Starting to work our way up to holding the collar in the way I’ll need to hold it when putting it on.
- Continue working up to holding the collar in the way it needs to be held when putting it on.
- Musings about fleas.
Has the collar become a cue for backing up?
First session of brindle girl’s third training week (May 3rd, 2021).
Review: touch without collar – bracelet/collar – holding collar like an object.
Holding the collar like an object (rather than a bracelet) is obviously more difficult for her!
- I start easy now that I’m holding the collar like an object: not approaching her all the way.
- I end up with a nice start-button set-up, and while she isn’t yet comfortable with the collar up close, she gives me several quick start-button looks in a row.
- Thoughts about patience, and Saint-Exupéry’s Little Prince.
Belly rubs, and thoughts on habituation.
- I lower criteria when reaching for her with the collar-bracelet.
- This session shows a good set up of treat placement versus direction of her start button look.
Back to actually touching her with the collar (still wearing it like a bracelet/glove).
Brindle girl and I continue discussing how it feels to be touched by my hand versus the collar (hand: okay, collar: weird), and she shows an interest in my treat hand.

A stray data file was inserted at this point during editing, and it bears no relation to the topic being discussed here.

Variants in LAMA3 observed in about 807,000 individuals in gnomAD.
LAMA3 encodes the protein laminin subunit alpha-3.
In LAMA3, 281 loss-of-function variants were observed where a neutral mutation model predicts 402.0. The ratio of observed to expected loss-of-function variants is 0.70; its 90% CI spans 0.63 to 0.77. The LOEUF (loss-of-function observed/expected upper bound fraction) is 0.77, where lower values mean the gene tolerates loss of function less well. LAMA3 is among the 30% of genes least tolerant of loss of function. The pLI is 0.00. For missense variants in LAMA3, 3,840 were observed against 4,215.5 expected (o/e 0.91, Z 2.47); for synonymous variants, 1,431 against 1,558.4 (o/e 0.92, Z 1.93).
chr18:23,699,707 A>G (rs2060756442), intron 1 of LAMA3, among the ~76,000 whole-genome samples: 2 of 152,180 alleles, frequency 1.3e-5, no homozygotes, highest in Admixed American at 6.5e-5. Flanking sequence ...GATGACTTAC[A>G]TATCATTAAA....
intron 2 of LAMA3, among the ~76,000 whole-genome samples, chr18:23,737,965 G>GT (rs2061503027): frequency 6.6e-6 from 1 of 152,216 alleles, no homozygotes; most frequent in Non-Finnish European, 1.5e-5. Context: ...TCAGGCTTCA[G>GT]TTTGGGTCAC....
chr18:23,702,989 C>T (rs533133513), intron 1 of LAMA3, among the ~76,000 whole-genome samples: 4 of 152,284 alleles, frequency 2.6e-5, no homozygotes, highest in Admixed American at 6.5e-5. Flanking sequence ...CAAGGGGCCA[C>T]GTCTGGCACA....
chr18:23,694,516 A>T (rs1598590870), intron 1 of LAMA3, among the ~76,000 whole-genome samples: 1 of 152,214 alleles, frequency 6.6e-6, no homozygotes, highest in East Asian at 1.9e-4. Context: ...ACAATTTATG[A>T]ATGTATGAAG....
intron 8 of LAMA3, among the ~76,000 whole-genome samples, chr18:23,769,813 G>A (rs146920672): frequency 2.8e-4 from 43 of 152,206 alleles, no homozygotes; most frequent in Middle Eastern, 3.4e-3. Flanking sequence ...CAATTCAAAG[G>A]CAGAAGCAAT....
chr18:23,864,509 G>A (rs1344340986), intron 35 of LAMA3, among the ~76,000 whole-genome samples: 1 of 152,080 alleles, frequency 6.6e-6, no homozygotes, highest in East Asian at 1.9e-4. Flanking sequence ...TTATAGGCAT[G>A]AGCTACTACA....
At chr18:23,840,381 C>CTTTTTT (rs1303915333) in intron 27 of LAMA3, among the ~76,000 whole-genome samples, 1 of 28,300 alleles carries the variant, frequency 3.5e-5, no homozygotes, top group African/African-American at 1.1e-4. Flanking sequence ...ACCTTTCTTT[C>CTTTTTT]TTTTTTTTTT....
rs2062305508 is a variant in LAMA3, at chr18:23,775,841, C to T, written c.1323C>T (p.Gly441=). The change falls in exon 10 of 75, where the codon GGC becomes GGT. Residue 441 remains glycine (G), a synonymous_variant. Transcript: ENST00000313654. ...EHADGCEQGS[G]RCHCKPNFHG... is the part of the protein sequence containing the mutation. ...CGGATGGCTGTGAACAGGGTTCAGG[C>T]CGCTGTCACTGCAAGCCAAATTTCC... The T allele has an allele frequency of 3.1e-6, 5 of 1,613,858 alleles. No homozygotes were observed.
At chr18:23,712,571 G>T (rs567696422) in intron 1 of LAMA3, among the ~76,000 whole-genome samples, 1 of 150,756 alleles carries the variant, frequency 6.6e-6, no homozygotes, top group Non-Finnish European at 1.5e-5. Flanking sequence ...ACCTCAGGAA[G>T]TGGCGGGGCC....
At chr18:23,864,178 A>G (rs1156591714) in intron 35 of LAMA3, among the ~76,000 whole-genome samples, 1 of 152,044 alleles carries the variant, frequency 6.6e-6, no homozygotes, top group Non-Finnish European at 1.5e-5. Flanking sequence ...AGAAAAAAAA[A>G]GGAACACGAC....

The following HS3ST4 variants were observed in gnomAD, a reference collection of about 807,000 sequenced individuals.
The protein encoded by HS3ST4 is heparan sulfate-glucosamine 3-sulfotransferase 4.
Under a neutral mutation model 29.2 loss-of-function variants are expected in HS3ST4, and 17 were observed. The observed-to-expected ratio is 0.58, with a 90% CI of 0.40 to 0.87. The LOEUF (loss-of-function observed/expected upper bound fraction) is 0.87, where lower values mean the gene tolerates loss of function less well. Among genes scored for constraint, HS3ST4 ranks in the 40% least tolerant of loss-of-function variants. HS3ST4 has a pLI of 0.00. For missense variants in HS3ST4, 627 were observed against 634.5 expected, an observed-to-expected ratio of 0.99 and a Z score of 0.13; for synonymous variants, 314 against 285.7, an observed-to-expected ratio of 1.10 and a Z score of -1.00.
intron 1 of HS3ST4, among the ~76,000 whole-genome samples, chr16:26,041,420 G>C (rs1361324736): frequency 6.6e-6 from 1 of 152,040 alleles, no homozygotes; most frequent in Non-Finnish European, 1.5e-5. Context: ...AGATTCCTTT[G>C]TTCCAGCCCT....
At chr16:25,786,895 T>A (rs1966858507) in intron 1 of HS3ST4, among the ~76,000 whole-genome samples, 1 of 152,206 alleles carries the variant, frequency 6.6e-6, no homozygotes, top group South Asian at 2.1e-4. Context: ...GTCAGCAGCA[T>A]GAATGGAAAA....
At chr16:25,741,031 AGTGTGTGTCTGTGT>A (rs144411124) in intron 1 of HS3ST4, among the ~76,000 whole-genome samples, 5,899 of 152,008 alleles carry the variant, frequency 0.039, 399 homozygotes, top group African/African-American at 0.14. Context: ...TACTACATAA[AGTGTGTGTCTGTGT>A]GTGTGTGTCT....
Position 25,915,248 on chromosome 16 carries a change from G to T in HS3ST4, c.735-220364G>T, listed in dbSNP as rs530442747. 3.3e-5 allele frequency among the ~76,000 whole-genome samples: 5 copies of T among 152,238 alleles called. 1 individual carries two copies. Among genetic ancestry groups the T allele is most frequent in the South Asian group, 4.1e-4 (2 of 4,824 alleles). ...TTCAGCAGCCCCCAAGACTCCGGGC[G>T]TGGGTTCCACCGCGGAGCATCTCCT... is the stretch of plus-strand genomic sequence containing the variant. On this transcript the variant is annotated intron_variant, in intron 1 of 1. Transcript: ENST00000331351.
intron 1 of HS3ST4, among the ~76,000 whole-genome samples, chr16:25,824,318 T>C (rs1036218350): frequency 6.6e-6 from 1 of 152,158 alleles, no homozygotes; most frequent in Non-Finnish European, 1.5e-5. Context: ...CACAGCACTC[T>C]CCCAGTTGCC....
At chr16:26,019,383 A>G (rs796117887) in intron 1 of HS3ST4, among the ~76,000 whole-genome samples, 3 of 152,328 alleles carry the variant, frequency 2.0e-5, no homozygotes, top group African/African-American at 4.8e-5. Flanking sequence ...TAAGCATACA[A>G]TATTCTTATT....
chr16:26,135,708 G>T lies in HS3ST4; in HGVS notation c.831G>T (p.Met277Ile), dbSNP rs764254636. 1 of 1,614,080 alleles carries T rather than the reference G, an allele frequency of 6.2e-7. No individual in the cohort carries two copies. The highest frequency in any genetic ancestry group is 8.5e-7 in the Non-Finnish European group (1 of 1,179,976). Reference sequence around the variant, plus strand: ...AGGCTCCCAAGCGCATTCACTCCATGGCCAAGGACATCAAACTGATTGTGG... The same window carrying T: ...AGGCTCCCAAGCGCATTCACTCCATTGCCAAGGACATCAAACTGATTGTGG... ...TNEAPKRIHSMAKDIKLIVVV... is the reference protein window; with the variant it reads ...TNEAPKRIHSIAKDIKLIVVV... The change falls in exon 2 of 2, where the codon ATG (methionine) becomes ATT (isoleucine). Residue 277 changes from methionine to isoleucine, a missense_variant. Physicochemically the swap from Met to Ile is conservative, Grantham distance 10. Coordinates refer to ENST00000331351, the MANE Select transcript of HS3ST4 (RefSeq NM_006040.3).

+ She starts out lying down in a relaxed position, and I start by just touching her with just a hand before adding the collar back into the picture.
+ Her growing confidence shows in an attempt to mug my treat hand!
+ For the last reps of this week, I transition from wearing the collar like a glove back to holding it in my hand. This is harder than wearing it glove-style – but we’ve made progress!
+ We manage a clear start-button set up (look to her right to request that the collar approach; feed to her left) for parts of this session.
Brindle girl’s Thursday sessions!
I need to lower criteria a little, and not move the collar quite as close to her face as I did in the last rep of Wednesday’s final session.
I also decide to make a change to her start button behavior.
I try to change the start button from glancing up into my face to looking in my general direction.
Since putting the collar on her will require a combination of accepting the collar near her neck and accepting my touch, I mix things up and have a session of just touching her neck/head/shoulder/ears.
This session is a good illustration of the classical association that has been created: anytime I touch her, she expects food.
I try a new approach: wearing the collar like a bracelet or glove. This works really well!
Working up to touching her with the sleeve of my sweater as a precursor to being touched by the collar.
I go back to touching her with the sleeve of my sweater …
I work up to touching her with the collar worn like a bracelet/glove.
Today’s first session (session #13) goes into what I would do if I *had to* put a collar/leash on her right now (option 2). Then, you’ll see me continue along option 1: counterconditioning her to the collar, assuming that I have an infinite amount of time to reach my goal. I also talk about why in a real life scenario, we might NOT want to choose option #1 after the collar response we observed in last week’s sessions.
Session #14: a single-rep session. When working with a learner who is not particularly interested in your reinforcer and free to leave, some sessions may only have a single rep.
Session #15: continued counterconditioning, and I talk about appeasement signals
Session #16: more appeasement signal musings
Session #20 – the last one for Wednesday, and a lovely one to end the day with!